Custom Search



Pathology of Chondroblastoma

Dr Sampurna Roy MD   




(1) First described by Ewing in 1928, chondroblastomas were originally named "epiphyseal chondroblastomatous giant cell tumors of the proximal humerus" by Codman in 1931. These tumours are often still termed Codman tumours.


(2) In 1942 Jaffe and Lichenstein suggested that the lesion was a specific type of tumour, distinct from giant cell tumour, and proposed the name "benign chondroblastoma".


(3) It is a rare benign tumour  that accounts for 1% of all primary bone neoplasms. Most patients are between 10 and 25 years of age at diagnosis with  a 2:1 male predominance.


(4) These lesions typically originate from chondroblasts within the epiphyses of long bones, and are most common in the proximal humerus, distal femur, or proximal tibia. Chondroblastoma occurring outside of the epiphyses of long bones is rare, with lesions of the craniofacial skeleton accounting for 6.6 to 7.1% of all cases


(5) The radiological feature of chondroblastoma is typically a lytic lesion arising in the epiphysis with an eccentric location, mostly without periosteal reaction.



(6) Microscopically, it is a highly cellular tumor  composed of uniform round to polygonal cells with well-defined cytoplasmic borders, round to ovoid nuclei, predominantly growing in cellular sheets.

There are scattered multinucleated osteoclastic giant cells arranged either singly or in groups. Pericellular "chicken wire-like" calcifications are identified pathognomonic of chondroblastoma.

"The 3 important histopathological features of chondroblastoma are mononuclear cells (chondroblasts), osteoclastic-like giant cells, and a chondromyxoid stroma surrounding neoplastic cells"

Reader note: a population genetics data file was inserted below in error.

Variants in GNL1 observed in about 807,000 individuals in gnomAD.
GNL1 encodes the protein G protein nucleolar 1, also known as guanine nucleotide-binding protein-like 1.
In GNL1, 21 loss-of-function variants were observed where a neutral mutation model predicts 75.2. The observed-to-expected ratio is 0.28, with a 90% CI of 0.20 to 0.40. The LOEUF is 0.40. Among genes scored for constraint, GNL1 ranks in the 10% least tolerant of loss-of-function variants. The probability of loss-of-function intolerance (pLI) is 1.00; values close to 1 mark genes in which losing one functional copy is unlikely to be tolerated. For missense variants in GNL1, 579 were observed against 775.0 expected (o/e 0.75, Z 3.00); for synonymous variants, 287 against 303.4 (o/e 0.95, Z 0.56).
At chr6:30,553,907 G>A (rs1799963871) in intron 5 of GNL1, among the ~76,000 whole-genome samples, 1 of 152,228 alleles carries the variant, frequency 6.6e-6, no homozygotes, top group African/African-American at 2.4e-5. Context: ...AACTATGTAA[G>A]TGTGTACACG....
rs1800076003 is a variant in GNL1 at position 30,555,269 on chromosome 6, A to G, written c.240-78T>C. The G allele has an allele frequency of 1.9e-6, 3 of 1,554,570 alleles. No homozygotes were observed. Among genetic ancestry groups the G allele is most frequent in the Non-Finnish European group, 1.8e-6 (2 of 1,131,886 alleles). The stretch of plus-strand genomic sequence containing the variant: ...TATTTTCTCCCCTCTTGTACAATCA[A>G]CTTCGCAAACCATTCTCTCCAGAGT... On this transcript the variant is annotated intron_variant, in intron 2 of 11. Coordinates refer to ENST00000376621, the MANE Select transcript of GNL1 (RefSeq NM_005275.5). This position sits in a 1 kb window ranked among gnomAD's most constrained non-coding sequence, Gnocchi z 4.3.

(7) Chondroblastoma must be differentiated from other giant cell tumors. The osteoclastic-like giant cells seen in chondroblastomas can have striking histological similarities to giant cell reparative granulomas, aneurysmal bone cysts, giant cell tumors, and chondromyxoid fibromas.


(8) Though normally benign, histologically aggressive forms of the disease can also occur, with associated high recurrence rates and occasional lung metastases.


Further reading:


Massive Chondroblastoma in the Proximal Humerus Simulating Malignant Bone Tumors. Case Reports in Orthopedics. 2013;2013:673576


Chondroblastoma of the Knee Treated with Resection and Osteochondral Allograft Reconstruction


Chondroblastoma in the long bone diaphysis: a report of two cases with literature review


Chondroblastoma of the femoral head: management and outcome


Chondroblastoma of the Temporal Bone: A Case Series, Review, and Suggested Management Strategy


Chondroblastoma of the Medial Cuneiform Bone in a 32-Year-Old Woman





Dr Sampurna Roy  MD

Consultant  Histopathologist (Kolkata - India)










Infectious Disease Online


Pathology Quiz Online 


Paediatric Pathology Online


Pancreatic Pathology Online




Endocrine Pathology Online


Eye Pathology Online


Ear Pathology Online


Cardiac Path Online


Pulmonary Pathology Online


Lung Tumour Online




Nutritional Pathology Online


Environmental Pathology Online


Soft Tissue Tumour Online


GI Path Online-India


Gallbladder Pathology Online


E-book - History of Medicine  


Microscope - Seeing the Unseen





Privacy Policy  

Advertising Policy

Copyright 2018